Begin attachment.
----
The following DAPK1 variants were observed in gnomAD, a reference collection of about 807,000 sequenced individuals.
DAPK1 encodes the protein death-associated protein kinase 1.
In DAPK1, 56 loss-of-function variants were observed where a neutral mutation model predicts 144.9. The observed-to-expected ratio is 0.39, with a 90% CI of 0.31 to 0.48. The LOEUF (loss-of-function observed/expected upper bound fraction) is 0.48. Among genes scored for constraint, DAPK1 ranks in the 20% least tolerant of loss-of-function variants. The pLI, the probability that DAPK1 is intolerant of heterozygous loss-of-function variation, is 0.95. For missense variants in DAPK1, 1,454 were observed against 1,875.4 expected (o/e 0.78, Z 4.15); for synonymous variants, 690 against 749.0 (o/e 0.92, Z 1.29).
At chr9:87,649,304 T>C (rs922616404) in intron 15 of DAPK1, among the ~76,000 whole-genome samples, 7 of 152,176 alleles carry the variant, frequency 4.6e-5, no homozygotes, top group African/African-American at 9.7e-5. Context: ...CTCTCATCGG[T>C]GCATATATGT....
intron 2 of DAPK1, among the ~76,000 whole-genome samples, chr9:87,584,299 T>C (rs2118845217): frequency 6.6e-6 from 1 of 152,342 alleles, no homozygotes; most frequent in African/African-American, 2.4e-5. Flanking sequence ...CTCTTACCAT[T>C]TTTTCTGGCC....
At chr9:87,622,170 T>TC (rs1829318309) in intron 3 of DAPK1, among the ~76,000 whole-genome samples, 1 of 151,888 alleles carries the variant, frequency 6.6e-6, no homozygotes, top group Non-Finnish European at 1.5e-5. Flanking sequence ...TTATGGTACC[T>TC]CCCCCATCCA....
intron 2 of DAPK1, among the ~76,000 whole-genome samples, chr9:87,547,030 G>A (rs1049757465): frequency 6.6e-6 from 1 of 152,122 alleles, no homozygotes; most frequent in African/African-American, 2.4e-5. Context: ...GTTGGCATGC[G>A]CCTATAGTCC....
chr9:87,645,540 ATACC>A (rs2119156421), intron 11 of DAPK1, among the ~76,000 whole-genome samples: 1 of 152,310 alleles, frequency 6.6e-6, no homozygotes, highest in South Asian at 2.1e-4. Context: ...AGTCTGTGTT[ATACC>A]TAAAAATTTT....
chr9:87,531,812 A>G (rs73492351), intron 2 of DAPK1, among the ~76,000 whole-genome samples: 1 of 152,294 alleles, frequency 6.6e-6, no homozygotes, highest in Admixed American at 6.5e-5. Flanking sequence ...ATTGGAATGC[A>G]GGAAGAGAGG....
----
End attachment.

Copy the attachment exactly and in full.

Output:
The following DAPK1 variants were observed in gnomAD, a reference collection of about 807,000 sequenced individuals.
DAPK1 encodes the protein death-associated protein kinase 1.
In DAPK1, 56 loss-of-function variants were observed where a neutral mutation model predicts 144.9. The observed-to-expected ratio is 0.39, with a 90% CI of 0.31 to 0.48. The LOEUF (loss-of-function observed/expected upper bound fraction) is 0.48. Among genes scored for constraint, DAPK1 ranks in the 20% least tolerant of loss-of-function variants. The pLI, the probability that DAPK1 is intolerant of heterozygous loss-of-function variation, is 0.95. For missense variants in DAPK1, 1,454 were observed against 1,875.4 expected (o/e 0.78, Z 4.15); for synonymous variants, 690 against 749.0 (o/e 0.92, Z 1.29).
At chr9:87,649,304 T>C (rs922616404) in intron 15 of DAPK1, among the ~76,000 whole-genome samples, 7 of 152,176 alleles carry the variant, frequency 4.6e-5, no homozygotes, top group African/African-American at 9.7e-5. Context: ...CTCTCATCGG[T>C]GCATATATGT....
intron 2 of DAPK1, among the ~76,000 whole-genome samples, chr9:87,584,299 T>C (rs2118845217): frequency 6.6e-6 from 1 of 152,342 alleles, no homozygotes; most frequent in African/African-American, 2.4e-5. Flanking sequence ...CTCTTACCAT[T>C]TTTTCTGGCC....
At chr9:87,622,170 T>TC (rs1829318309) in intron 3 of DAPK1, among the ~76,000 whole-genome samples, 1 of 151,888 alleles carries the variant, frequency 6.6e-6, no homozygotes, top group Non-Finnish European at 1.5e-5. Flanking sequence ...TTATGGTACC[T>TC]CCCCCATCCA....
intron 2 of DAPK1, among the ~76,000 whole-genome samples, chr9:87,547,030 G>A (rs1049757465): frequency 6.6e-6 from 1 of 152,122 alleles, no homozygotes; most frequent in African/African-American, 2.4e-5. Context: ...GTTGGCATGC[G>A]CCTATAGTCC....
chr9:87,645,540 ATACC>A (rs2119156421), intron 11 of DAPK1, among the ~76,000 whole-genome samples: 1 of 152,310 alleles, frequency 6.6e-6, no homozygotes, highest in South Asian at 2.1e-4. Context: ...AGTCTGTGTT[ATACC>A]TAAAAATTTT....
chr9:87,531,812 A>G (rs73492351), intron 2 of DAPK1, among the ~76,000 whole-genome samples: 1 of 152,294 alleles, frequency 6.6e-6, no homozygotes, highest in Admixed American at 6.5e-5. Flanking sequence ...ATTGGAATGC[A>G]GGAAGAGAGG....